Veteran hooker Scott Lawson is clearly relishing every second of being back in the Scotland set-up after a three-and-a-half year gap and, after earning what would have been an unlikely recall until front-row players started dropping like flies this season, is going to do his damndest to stick around as long as he can.
The 36-year-old’s durability is evidenced by the fact he has been playing some of the best rugby of his career for a flying Newcastle Falcons side of late and has no thoughts of retirement on the near horizon. Lawson is more inclined to contemplate the possibility of beating the legendary Ian McLauchlan’s record for oldest Scotland appearance. Mighty Mouse was 37 when he faced the the All Blacks in 1979.
For the time being, though, Lawson, whose last cap for Scotland came against Argentina in the autumn of 2014, will go fourth on the list of golden oldies if he takes the field in the Six Nations opener against Wales in Cardiff a week on Saturday.
“When Ian was involved in the presidency he was brilliant, he was involved and held ultimate respect from all the players because of what he had achieved in the game,” said Lawson of the former Lions prop. “His big thing was ‘play as long as you can, enjoy it, you never, never go out of it, you are a long time retired’. I will keep going like that.
“To be mentioned in the same breath is ridiculous, crazy. It is one of those strange things that if you sat in a goal-setting meeting it is not one of those things you would bring up, it would not spring to mind, but why not? We will get these weeks out of the way first and you learn from experiences.”
Biggar man Lawson left Glasgow in 2007 and has enjoyed a good career in the English Premiership, playing for Sale, Gloucester and London Irish before four-and-a-half years ago becoming another of a long list of Scots who have found a happy home at Newcastle Falcons.
He had a brief involvement at the start of Vern Cotter’s Scotland tenure but had slipped out of the picture as the likes of Fraser Brown and Stuart McInally emerged and Ross Ford, for whom Lawson often deputised off the bench in his 46 Scotland outings, rolled on to become the country’s most-capped player.
There was, though, a lingering hope that another chance might come.
“You always keep an eye on things,” he said. “Playing at Newcastle, playing in the Premiership in a very successful team, you’re always working hard and trying to play at as high a level as possible.
“So you’re always aware of the situation and obviously if a couple of key figures get injured you’re always holding out that your performances you’ve put in over the last two or three years have been noted. That was the most pleasing thing for me, yes, you’ve been playing well and yes, you’ve been selected again.
“Gregor [Townsend] phoned me last Monday morning saying they were having the final selection that afternoon and he’d be in touch.
“Then [forwards coach] Dan [McFarland] phoned me and talked through a few things. What was expected of me, where the group was and how I’d fit into it. And I’m just delighted to be back.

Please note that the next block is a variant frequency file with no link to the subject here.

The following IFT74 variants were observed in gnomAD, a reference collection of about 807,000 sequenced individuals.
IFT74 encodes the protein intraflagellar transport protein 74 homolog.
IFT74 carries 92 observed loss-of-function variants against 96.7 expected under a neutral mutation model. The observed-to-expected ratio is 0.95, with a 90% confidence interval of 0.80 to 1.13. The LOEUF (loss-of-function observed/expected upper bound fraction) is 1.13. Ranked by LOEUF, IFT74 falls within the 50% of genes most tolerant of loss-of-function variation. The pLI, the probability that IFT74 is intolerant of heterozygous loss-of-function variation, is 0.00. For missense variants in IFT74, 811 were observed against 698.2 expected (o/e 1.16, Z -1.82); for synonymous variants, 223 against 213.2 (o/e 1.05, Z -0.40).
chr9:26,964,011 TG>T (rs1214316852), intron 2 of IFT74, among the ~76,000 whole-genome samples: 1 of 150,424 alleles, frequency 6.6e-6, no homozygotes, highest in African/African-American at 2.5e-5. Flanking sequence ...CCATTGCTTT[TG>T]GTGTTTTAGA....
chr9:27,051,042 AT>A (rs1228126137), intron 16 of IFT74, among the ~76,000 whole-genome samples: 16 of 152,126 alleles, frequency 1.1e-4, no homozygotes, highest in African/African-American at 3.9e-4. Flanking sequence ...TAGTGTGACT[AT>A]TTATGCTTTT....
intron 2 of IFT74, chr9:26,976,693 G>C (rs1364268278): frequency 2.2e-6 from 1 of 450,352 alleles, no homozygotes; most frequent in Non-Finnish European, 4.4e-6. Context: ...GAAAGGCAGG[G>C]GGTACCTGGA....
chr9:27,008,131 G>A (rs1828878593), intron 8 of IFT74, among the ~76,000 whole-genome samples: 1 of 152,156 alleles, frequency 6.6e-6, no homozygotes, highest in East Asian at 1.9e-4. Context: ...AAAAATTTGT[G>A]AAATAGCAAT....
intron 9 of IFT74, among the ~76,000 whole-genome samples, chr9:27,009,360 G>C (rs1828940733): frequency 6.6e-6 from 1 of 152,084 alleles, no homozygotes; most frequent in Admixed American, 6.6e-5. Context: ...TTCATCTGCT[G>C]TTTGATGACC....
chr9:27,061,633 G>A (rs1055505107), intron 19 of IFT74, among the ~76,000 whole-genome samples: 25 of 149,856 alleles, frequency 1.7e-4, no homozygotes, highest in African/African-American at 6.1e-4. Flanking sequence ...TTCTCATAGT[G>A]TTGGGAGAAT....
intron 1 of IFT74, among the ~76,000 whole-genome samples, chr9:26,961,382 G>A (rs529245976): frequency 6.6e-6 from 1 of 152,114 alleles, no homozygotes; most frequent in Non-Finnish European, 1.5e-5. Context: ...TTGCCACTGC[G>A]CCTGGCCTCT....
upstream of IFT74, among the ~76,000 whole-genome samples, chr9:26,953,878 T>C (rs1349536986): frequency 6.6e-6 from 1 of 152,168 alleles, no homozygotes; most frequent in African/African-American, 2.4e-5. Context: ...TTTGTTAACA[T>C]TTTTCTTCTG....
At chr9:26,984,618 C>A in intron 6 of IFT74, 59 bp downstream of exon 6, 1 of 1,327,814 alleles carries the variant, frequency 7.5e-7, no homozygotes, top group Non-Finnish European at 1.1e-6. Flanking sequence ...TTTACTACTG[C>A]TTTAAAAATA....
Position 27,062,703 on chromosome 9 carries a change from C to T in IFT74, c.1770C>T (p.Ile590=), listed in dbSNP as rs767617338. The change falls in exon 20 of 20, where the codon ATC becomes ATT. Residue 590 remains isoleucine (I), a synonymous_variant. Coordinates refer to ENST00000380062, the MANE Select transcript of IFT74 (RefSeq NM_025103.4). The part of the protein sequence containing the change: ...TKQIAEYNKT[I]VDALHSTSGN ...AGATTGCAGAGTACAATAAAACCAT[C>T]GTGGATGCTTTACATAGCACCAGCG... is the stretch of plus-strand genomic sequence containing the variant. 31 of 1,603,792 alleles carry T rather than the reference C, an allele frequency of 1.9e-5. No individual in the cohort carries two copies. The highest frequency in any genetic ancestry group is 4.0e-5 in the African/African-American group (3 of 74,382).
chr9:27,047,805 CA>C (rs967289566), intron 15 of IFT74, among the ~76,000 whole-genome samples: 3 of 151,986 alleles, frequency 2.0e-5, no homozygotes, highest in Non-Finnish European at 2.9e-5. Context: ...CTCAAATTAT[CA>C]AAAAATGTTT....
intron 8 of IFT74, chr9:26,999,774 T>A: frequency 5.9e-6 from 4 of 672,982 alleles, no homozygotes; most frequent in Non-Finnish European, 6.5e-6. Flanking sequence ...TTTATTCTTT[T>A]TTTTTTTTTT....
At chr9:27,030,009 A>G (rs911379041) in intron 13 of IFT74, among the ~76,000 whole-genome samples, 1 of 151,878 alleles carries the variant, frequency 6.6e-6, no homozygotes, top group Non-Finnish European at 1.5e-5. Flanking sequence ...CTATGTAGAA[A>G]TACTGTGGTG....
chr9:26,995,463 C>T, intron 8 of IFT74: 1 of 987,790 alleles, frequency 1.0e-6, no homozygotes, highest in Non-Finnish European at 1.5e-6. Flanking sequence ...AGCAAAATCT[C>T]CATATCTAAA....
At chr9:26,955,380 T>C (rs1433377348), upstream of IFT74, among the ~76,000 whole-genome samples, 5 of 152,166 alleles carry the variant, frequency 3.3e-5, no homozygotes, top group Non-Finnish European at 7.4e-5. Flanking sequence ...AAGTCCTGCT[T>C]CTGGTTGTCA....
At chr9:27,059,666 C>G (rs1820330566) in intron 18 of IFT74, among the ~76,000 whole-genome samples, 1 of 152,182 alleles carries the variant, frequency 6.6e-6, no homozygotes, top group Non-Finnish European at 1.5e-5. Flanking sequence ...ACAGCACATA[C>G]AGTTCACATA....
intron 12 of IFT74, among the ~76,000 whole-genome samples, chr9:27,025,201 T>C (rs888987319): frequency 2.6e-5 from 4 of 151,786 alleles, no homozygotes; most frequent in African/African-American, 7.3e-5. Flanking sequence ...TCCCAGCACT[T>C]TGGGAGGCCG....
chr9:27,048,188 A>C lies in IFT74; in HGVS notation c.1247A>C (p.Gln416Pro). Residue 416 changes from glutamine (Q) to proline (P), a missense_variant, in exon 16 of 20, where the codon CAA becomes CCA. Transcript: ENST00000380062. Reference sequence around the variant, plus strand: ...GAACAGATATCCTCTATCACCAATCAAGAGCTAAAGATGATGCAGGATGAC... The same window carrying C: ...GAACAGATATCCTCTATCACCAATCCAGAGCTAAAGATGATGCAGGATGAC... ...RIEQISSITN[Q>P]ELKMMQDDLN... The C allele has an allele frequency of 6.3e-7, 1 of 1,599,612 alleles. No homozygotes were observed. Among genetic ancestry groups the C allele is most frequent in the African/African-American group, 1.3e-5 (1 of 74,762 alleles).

“You always look out for the squads. You’re competitive and, if you keep playing and pulling on that professional jersey, you’ll always want to play for Scotland.”
A father of four, Lawson has thrived in England’s north-east and says having his kids see him represent Scotland will be as big a thrill as he has had in the sport.
While focused on squeezing as much out of his playing career as possible, he also has an eye on a future in coaching. In his spare time, Lawson has taken on the head coach role at the renowned Corbridge club Tynedale and has travelled to Scotland to help at Glasgow and the Under-20s.
“You become more professional, you learn how to look after your body. I genuinely don’t find it any harder,” said Lawson of his Indian summer.
“At Newcastle we had a real shift in our conditioning, our approach to the game and I’m feeling as good as I ever have done. I would say to take all that knowledge you’ve got, allied to feeling good physically I’m really looking forward to the challenge that an intense Six Nations championship brings.
“When you first come in, people say that, as a front-row, you’ll not be good until you’re in your thirties and you don’t really believe them as such, but your ability to problem solve, to fix things from scrum to scrum has definitely been one of my main improvements over the last four or five years.”
Enjoying his return to the international limelight, it seems like Lawson would happily spend the whole afternoon chatting but there is one point when he isn’t so keen to delve into the memory bank. The injury to George Turner has the hooker on course for a return to Cardiff, which was the scene of a personal and collective nightmare eight years ago as Scotland infamously threw away a ten-point lead in the last ten minutes to lose 31-24.
Lawson’s sin-binning sparked the collapse as the sky fell in spectacularly on Andy Robinson’s Scotland.
“I was yellow carded and Wales won the game,” is the succinct reply when asked for memories of a tumultuous and miserable afternoon which also saw Thom Evans’s career ended by a neck injury and Chris Paterson, who was winning his 100th cap, suffer a ruptured kidney.
“You learn from those experiences, you are always looking to evolve, to improve,” said Lawson. “You call on every experience you’ve have had in rugby to make you the player you are and the person you are as well.”
A chance for some kind of redemption a week on Saturday?
“It would be good to win the game, simple as that.”